3SMART was launched in Viet Nam in early 2013 in order to promote patrolling quality and quality data collection on forest resources and biodiversity conservation. GIZ, in cooperation with the Department of Natural Conservation (DONC) of the Ministry of Agriculture and Rural Development (MARD), initially piloted SMART in the three protected areas of Bai Tu Long National Park in the North, Pu Luong Protected Area in central Viet Nam, and Bidoup-Nui Ba National Park in the South, representing the three geographic regions of Viet Nam. After this implementation period, authorities involved in the pilot project concluded that SMART is useful and easy to implement, and was highly appreciated by the national park and protected area managers. Since then, the MARD/GIZ project “Programme on Conservation and Sustainable Use of Forest Biodiversity and Ecosystem Services in Viet Nam” continued its support in SMART implementation in seven PAs/NPs. The objective is to confirm the effectiveness of the software in the field before officially rolling it out in the whole country, and to provide training of trainers (TOTs) who in turn will directly train the forest rangers to apply SMART in PAs/NPs.

Benefits of SMART in Viet Nam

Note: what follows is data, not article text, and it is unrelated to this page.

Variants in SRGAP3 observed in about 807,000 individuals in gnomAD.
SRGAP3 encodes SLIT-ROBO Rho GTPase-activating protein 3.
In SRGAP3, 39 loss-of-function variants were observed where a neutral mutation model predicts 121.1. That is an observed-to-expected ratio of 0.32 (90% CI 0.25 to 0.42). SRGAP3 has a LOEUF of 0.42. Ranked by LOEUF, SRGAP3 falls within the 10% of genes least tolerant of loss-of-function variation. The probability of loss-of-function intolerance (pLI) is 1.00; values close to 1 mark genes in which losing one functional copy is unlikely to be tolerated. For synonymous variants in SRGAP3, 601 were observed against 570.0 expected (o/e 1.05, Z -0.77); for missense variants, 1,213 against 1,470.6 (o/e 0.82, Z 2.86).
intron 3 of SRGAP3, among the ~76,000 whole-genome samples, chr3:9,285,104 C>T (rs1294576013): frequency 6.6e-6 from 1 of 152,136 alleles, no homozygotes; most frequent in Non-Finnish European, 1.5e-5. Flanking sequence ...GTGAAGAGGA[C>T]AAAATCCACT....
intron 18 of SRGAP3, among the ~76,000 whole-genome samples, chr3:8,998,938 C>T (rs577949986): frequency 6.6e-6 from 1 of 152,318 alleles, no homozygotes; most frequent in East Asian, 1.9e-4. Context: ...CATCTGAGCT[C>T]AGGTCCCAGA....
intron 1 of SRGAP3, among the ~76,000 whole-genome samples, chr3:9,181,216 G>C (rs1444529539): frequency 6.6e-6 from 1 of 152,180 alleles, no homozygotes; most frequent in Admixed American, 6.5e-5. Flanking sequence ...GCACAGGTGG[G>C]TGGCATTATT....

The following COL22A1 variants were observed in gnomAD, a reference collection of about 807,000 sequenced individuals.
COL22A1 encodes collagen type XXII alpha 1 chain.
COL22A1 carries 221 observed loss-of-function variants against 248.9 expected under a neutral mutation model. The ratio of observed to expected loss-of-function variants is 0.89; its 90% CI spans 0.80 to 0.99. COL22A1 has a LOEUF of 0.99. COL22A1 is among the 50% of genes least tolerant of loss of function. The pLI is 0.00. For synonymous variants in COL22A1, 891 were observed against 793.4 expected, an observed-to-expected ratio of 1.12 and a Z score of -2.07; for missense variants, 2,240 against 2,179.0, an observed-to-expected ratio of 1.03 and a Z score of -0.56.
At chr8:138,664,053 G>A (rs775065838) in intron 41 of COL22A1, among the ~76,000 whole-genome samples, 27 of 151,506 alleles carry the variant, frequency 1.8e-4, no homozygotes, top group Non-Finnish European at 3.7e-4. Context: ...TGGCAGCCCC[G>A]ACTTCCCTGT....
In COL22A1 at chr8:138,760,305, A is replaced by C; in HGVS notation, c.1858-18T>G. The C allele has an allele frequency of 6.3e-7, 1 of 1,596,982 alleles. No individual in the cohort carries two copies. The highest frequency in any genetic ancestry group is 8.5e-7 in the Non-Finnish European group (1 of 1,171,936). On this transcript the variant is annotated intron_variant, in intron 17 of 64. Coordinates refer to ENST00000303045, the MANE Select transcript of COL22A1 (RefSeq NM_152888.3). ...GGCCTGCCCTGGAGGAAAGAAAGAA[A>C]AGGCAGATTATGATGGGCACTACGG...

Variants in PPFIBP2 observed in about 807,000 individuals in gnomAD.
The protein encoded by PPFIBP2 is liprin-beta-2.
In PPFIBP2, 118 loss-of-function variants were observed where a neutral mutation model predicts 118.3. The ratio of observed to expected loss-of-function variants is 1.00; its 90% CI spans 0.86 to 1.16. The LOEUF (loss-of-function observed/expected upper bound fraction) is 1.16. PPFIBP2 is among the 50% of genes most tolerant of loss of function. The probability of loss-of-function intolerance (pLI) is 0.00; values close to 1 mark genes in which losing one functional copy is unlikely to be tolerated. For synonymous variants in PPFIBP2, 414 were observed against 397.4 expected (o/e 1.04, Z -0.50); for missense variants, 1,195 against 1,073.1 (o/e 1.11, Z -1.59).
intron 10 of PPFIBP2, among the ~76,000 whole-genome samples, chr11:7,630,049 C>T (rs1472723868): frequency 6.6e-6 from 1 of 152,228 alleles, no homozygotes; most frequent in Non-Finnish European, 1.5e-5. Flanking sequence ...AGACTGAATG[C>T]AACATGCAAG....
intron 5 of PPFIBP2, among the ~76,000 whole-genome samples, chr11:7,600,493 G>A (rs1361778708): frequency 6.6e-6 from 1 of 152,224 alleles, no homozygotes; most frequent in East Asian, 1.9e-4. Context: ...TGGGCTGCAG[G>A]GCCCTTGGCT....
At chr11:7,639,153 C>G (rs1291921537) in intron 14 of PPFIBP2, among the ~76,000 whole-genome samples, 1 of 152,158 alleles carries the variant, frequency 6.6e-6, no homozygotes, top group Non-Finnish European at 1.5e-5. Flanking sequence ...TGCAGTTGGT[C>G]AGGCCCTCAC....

• Better patrolling: Managers of Protected Areas (PA) receive information from ranger patrols on PA violations and observations of endangered species, enabling them to improve patrolling plans. Using GPS, SMART records all of the patrolling routes, as well as traces of animals (e.g. footprints, scratches, stosols) and signals of abusive human activities like encroachment, forest fires, traps, camps or NTFP collection. Along with the recorded GPS waypoints, SMART uses cameras to record relevant images from the field. All recorded data and pictures are entered into SMART software, analyzed and posted on the map. These results allow PA/NP managers to define areas where rare or endangered species are being threatened and use this information to develop more effective monthly patrolling plans based on the PA/NP’s real conditions.